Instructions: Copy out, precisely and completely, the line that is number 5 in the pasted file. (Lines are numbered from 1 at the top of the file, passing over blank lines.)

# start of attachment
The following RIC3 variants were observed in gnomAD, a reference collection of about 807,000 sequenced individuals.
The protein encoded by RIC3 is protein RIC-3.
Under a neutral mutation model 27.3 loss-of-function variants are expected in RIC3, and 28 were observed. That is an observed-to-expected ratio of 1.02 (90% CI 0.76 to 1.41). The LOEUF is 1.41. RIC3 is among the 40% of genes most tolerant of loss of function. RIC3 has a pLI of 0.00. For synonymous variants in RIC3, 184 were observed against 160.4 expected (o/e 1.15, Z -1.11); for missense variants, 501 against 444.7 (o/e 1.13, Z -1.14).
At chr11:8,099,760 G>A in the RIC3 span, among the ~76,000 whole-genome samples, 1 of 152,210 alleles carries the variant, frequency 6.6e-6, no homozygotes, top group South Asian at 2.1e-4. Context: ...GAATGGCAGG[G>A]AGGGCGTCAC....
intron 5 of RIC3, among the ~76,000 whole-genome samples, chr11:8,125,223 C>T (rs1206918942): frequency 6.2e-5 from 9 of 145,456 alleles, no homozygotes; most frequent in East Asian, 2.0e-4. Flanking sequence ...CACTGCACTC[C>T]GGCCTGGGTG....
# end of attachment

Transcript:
intron 5 of RIC3, among the ~76,000 whole-genome samples, chr11:8,125,223 C>T (rs1206918942): frequency 6.2e-5 from 9 of 145,456 alleles, no homozygotes; most frequent in East Asian, 2.0e-4. Flanking sequence ...CACTGCACTC[C>T]GGCCTGGGTG....